Much attention has been given to the economics of everyday life, which typically applies economic principles to the analysis of the different choices that people face under different situations. Yet there are hardly any books on the economics of life—an economics that takes the finite lifespan as the starting point and that looks at how one can maximize the subjective value from life given the constraint of the limited lifespan.
In this volume, Lok Sang Ho suggests that the lack of progress in happiness among developed countries despite significant economic growth is due to a deficit of "mental goods", rather than a lack of material goods. The author stresses the role of culture and mental habits in determining the efficacy of gaining mental goods which includes love, a sense of security and autonomy, contentment, self-esteem, self-acceptance, and freedom from anxiety. Drawing on empirical research, the book explores how to invest, work, and consume from a whole life perspective, arguing that every action - consumption, investment, or work - should enhance the total quality of life. This overriding concern about life itself is known as love.
The Psychology and Economics of Happiness uses the analytical framework of economists on a subject studied by positive psychologists, drawing both from empirical evidence and from psychological literature. It will be of interest to researchers and academics interested in economic and positive psychology, as well as those from related fields keen to learn more about living fuller, happier lives.
Table of Contents
1. The Economics of Life: Happiness Requires Both Physical and Mental Goods 2. Love and the Economics of Love 3. The Role of Culture in Household Production 4. Mental Capital and Habit Formation, with a Digression to Spiritual Capital 5. The Happiness Formula 6. Marriage, Mental Capital, and Happiness 7. More on Mental Goods: Achievement Versus Vanity 8. Insight 9. Fortitude 10. Engagement: Living with a Purpose 11. Three Happinesses and Transcendental Happiness 12. Avoiding Regrets and Coming to Terms with Past Errors 13. Avoiding Worries and Coming to Terms with an Uncertain Future and Negative Emotions 14. The Paradox of Choice: More Choices and More Sophisticated Products Need Not Translate into Greater Happiness 15. Holistic Perspective of Life, Successful Living, and Happiness 16. Epilogue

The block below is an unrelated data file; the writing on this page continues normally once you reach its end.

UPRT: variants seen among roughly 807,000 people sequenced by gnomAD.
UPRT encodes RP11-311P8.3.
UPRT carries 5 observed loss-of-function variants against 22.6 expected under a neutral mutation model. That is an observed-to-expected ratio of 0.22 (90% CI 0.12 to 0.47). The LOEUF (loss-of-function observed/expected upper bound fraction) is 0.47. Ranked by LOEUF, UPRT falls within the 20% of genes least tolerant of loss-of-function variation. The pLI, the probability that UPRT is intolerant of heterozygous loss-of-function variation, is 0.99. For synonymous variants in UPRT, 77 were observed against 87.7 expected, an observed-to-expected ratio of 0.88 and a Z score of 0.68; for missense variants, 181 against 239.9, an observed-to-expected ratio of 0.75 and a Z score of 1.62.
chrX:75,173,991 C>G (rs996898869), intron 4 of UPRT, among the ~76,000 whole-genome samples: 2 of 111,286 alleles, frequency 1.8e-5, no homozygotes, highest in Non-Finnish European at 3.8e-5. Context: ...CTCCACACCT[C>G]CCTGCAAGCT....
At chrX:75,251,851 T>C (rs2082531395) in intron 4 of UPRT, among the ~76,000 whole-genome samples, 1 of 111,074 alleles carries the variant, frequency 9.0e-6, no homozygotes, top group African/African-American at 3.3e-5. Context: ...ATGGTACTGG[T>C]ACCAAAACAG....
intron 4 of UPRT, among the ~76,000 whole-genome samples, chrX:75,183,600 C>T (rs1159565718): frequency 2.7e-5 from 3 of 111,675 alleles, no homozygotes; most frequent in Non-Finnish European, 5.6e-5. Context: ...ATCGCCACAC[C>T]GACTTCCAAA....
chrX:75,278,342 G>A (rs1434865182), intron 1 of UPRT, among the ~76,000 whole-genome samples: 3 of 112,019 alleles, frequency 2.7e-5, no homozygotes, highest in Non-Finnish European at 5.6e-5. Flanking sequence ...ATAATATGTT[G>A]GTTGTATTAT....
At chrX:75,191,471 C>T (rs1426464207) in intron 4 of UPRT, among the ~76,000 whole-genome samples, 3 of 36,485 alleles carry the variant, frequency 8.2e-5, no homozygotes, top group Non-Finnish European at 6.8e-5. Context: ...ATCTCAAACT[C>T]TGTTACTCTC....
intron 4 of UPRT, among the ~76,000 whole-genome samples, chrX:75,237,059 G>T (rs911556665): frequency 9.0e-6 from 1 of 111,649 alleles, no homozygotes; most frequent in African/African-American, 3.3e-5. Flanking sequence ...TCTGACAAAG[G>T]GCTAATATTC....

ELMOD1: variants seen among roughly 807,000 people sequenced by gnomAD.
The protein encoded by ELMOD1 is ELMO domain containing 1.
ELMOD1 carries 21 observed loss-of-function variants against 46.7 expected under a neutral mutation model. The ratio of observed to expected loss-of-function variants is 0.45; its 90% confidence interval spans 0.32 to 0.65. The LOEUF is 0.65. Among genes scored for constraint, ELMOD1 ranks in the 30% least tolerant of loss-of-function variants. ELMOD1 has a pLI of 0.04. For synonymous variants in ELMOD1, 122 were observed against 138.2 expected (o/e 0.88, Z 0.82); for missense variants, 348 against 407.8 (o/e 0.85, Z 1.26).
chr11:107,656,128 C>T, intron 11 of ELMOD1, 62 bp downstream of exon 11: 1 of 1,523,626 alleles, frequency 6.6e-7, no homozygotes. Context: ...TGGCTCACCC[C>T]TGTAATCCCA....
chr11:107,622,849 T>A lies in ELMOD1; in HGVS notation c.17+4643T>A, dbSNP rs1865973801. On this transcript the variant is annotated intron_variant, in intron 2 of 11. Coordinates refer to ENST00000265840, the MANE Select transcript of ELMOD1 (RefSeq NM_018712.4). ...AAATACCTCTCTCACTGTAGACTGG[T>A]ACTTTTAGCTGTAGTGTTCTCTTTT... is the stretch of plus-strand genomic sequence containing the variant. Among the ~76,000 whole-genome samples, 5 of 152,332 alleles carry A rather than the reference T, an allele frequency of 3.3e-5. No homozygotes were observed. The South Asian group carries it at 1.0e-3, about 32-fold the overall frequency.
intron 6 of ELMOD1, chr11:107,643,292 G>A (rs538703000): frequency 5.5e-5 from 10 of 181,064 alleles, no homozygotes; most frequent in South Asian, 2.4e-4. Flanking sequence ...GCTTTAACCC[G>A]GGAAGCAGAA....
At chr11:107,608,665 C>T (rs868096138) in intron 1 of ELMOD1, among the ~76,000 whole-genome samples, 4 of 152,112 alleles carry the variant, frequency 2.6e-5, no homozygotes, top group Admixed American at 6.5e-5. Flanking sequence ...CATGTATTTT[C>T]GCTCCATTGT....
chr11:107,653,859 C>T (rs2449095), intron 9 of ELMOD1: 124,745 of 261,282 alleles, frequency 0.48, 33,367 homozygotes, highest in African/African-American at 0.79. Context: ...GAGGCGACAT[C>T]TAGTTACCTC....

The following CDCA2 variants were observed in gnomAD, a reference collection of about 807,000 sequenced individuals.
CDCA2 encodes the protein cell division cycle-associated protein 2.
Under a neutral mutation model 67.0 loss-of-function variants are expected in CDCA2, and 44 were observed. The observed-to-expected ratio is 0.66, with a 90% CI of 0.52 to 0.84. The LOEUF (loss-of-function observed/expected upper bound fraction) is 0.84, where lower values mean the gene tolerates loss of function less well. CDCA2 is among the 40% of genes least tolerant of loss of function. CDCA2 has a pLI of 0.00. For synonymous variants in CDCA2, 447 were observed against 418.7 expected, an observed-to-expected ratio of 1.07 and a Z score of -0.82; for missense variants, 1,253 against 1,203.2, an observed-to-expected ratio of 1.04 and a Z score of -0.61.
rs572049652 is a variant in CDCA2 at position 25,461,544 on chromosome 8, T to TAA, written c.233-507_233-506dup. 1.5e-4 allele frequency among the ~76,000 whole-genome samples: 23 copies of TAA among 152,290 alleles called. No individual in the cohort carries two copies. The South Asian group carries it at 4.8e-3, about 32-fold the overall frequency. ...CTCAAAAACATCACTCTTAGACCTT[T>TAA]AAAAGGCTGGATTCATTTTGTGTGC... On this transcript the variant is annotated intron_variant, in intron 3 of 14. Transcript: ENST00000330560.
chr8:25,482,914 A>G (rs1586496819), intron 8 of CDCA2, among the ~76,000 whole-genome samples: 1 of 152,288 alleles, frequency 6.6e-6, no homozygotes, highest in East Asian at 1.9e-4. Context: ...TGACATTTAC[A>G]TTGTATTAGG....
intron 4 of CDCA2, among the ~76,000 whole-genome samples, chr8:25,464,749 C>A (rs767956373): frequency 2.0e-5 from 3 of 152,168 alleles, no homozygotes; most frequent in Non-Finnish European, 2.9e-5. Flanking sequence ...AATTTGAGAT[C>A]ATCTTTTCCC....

Lok Sang Ho is Professor and Head of the Department of Economics and Director of the Centre for Public Policy Studies at Lingnan University, Hong Kong.
'Lok Sang Ho’s latest book, The Psychology and Economics of Happiness: Love, Life and Positive Living, is one gem that should not be overlooked. […] Ho [writes] in an engaging writing style that in tone and manner, to me, recalls books such as Seligman’s (2002) Authentic Happiness and Csikszentmihalyi’s (1990) Flow. […] a thought-provoking volume that explores how to best make use of that limited resource, the human life span.' -- Grant J. Rich, PsycCRITIQUES, August 4, 2014, Vol. 59, No.31, Article 3
'The Psychology and Economics of Happiness is a rare gem! Drawing on scientific research findings from economics and positive psychology it shows how we can maximize our positive life experiences within the constraints of a limited lifespan. Taking a whole life perspective, Professor Lok Sang Ho gives very coherent guidance on how to live so as to maximize satisfaction in terms of acquiring physical goods and mental goods including a sense of achievement, autonomy, dignity, and self-acceptance. This is a book that everybody should read.' -- Professor Alan Carr, School of Psychology, University College Dublin, Ireland
'After reading this volume it is easy to see why it is crucial to have a book that focuses solely on the economics of love, life and happiness. This is because economics, especially behavioral economics, opens to us a whole new and highly useful way of understanding these crucial and pivotal topics. [...] Professor Ho brings us a much needed, timely addition to this vastly important, worthy endeavor.' -- Dr. J. Richard Cookerly, Clinical Fellow of the American Association for Marital and Family Therapy